But the new Druha Trava CD  -- tentatively titled "Shuttle to Bethlehem" after one of the songs (the inspiration was Bethlehem PA, not the "other" one) is the first that will primarily feature English-language versions of singer-songwriter Robert Krestan’s distinctive original songs.

I made the translations, and the studio session was the culmination of a collaborative project that had taken more than five years to come to fruition.
During the recording session, we were joined in the studio by Lee Bidgood -- a wonderful musician who did his PhD on Czech bluegrass and now teaches at East Tennessee State University, which has a  Bluegrass, Old-Time and Country Music Studies program -- and his colleague from ETSU, the documentary filmmaker Shara Lange, who are making a documentary on Czech bluegrass. They filmed the session and also interviewed Robert, banjoist Lubos Malina and me.
Lee and me when we met in 2004

Lee is one of the first people I got to know what I was starting to follow the Czech bluegrass scene -- we met at the Caslav bluegrass festival in 2004 and I recall how wonderful it was to talk to someone who also was looking at the scene and the music from the "outside" and considering the same questions that I was.

While he was doing research in CZ a few years ago, Lee kept a wonderful blog  in which he described music and musicians and reflected on the history and trajectory of the music in the Czech Republic. He hasn't posted anything lately, but it is a terrific resource.

I wrote about the Prague recording session this week in a post on the Arty Semite blog of the Forward, describing a bit of the complex process of translation. I started translating Krestan's songs into English in 2006 and continued working on them as one facet of the "Sauerkraut Cowboys/Indian Dreams" project for which I had  a Guggenheim Fellowship and NEH summer grant.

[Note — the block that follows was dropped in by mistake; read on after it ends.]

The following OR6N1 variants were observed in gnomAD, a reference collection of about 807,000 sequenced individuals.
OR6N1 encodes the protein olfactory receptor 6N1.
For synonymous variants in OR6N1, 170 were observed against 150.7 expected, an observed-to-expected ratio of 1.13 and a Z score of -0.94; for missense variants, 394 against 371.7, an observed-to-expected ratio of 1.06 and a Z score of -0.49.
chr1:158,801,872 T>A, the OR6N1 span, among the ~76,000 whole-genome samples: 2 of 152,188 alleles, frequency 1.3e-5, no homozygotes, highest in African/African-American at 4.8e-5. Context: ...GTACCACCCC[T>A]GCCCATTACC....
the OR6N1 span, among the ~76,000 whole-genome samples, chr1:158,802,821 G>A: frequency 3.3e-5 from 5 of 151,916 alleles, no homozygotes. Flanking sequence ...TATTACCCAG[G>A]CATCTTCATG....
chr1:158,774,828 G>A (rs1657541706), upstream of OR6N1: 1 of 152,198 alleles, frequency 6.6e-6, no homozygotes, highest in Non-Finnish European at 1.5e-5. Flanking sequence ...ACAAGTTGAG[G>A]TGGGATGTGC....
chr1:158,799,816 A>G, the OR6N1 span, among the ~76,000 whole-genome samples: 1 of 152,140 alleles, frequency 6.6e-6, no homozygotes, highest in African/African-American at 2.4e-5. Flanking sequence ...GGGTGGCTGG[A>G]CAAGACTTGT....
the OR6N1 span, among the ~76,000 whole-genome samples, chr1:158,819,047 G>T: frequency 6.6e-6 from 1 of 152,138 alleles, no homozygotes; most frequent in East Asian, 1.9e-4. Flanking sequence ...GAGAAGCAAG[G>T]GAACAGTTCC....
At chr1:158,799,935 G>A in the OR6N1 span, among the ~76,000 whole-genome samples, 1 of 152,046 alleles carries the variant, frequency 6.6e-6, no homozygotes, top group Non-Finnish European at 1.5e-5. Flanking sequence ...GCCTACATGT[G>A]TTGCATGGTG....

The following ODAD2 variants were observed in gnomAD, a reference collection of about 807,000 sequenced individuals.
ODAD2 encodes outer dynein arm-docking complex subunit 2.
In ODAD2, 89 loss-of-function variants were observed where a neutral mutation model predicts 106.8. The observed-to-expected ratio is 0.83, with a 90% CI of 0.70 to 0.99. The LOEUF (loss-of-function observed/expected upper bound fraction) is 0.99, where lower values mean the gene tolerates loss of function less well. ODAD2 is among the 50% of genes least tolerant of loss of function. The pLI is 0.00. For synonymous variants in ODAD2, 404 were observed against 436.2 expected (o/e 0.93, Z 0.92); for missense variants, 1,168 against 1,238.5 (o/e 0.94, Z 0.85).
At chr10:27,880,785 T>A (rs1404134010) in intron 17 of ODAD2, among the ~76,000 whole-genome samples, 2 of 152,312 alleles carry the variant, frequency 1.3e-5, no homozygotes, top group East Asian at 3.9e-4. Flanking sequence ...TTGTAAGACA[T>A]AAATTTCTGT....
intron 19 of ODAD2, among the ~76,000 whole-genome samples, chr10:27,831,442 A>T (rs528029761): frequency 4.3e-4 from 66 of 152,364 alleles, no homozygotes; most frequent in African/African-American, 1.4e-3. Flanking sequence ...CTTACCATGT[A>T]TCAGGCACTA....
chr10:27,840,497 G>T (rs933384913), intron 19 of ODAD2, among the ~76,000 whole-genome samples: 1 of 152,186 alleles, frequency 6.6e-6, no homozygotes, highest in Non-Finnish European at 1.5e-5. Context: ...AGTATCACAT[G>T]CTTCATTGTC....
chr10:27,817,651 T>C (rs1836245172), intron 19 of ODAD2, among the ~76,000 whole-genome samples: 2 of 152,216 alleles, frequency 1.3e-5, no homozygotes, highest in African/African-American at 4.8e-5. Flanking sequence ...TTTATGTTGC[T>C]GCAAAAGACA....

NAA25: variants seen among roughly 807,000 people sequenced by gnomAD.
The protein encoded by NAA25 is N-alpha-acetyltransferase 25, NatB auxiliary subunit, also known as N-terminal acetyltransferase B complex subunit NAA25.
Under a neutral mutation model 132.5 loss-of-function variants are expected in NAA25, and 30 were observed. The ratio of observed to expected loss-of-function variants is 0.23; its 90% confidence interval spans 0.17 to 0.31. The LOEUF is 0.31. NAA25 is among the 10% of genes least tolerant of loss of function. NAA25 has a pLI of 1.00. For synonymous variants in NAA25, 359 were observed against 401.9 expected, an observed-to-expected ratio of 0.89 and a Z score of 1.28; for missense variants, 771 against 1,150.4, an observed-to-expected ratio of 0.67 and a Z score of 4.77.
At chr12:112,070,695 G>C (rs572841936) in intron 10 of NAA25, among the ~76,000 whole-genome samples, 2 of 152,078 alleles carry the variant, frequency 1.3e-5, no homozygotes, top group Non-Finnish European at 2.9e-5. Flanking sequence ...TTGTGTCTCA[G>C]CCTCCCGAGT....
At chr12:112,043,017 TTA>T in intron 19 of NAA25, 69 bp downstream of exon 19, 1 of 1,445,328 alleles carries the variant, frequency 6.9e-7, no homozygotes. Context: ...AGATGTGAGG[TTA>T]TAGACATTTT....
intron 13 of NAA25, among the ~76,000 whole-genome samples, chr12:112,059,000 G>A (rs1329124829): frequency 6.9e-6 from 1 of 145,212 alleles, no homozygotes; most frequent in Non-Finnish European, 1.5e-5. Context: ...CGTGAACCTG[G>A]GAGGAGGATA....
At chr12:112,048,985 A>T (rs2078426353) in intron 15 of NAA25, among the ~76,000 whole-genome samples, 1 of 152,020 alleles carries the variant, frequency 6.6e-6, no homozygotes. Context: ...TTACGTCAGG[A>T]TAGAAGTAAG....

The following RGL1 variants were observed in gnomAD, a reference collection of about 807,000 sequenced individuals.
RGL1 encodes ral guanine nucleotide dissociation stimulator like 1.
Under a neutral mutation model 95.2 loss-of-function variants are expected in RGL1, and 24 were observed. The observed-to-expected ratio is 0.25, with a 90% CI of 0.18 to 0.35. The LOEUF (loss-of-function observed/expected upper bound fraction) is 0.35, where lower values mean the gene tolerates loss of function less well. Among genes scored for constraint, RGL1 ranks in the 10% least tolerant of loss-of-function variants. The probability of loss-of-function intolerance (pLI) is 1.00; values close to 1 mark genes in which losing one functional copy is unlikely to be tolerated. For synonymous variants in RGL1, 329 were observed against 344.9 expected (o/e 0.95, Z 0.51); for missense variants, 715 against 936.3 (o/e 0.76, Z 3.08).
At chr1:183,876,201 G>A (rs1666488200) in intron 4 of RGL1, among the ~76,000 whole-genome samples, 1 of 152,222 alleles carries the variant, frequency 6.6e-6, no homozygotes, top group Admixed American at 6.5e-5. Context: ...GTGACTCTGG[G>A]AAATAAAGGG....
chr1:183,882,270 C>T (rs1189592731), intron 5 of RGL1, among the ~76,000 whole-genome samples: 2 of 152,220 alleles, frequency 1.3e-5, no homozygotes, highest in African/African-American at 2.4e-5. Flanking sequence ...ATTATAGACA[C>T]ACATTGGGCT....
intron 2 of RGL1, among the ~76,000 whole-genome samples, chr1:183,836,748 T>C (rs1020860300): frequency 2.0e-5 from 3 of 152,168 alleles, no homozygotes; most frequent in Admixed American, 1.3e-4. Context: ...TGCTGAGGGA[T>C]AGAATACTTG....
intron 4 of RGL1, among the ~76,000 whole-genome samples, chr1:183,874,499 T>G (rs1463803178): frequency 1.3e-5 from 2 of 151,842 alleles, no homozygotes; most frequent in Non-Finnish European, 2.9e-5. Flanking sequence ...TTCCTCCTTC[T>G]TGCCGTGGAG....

My first goal was basic: I loved the Czech originals, but I wanted to know what they meant. As I started working, though, it seemed much more logical — and in fact, even easier — to put them in a rhyming form that could be sung. The process was surprisingly straightforward.

A young student in Prague, David Kraus, supplied me with word-for-word equivalents. David’s father Tomas is an old friend, the secretary of the Federation of Czech Jewish Communities, but he also knows a lot about the Czech country music scene. In Communist times Tomas’s late brother [Ronald Kraus] produced, wrote and translated songs for several key Czech tramp and country-style groups [including the iconic band KTO]..

I took the words that David gave me, compared them to the rhythm of the original Czech lyrics, and listened over and over to the original songs in order to capture their meaning and rhyme structure as well as to fit them to the melodies.

Czech is a more bristly language than English, with quite different sounds and cadences, and Krestan uses words for their tonality as well as meaning. But remarkably, my lyrics got to a point where they seemed to click into place. Later, Krestan and I spent a couple of sessions together tweaking the English to improve both nuance and “singability.”

In the studio, as Krestan sang into the microphone, I stood in the sound booth with DT’s banjo player Lubos Malina, who is co-producing the CD with Nashville-based Steve Walsh. Five years on, it was the first time I heard the songs sung in their final form. (Walsh oversaw the recording of the instrumentals in Nashville last spring.) They sounded, well, right. I focused on recording levels and intonation, but I couldn’t keep a goofy smile off my face.
Read more:
Here's a brief video clip I took of one of the recording session takes of the song "Before We Say Good-Bye".

And here's the original Czech version, sung by the band performing outside Prague castle in 2009, when President Obama was there meeting with Czech leaders.

Monday, July 25, 2011

Spain -- Almeria Western Film Festival Coming Up

By Ruth Ellen Gruber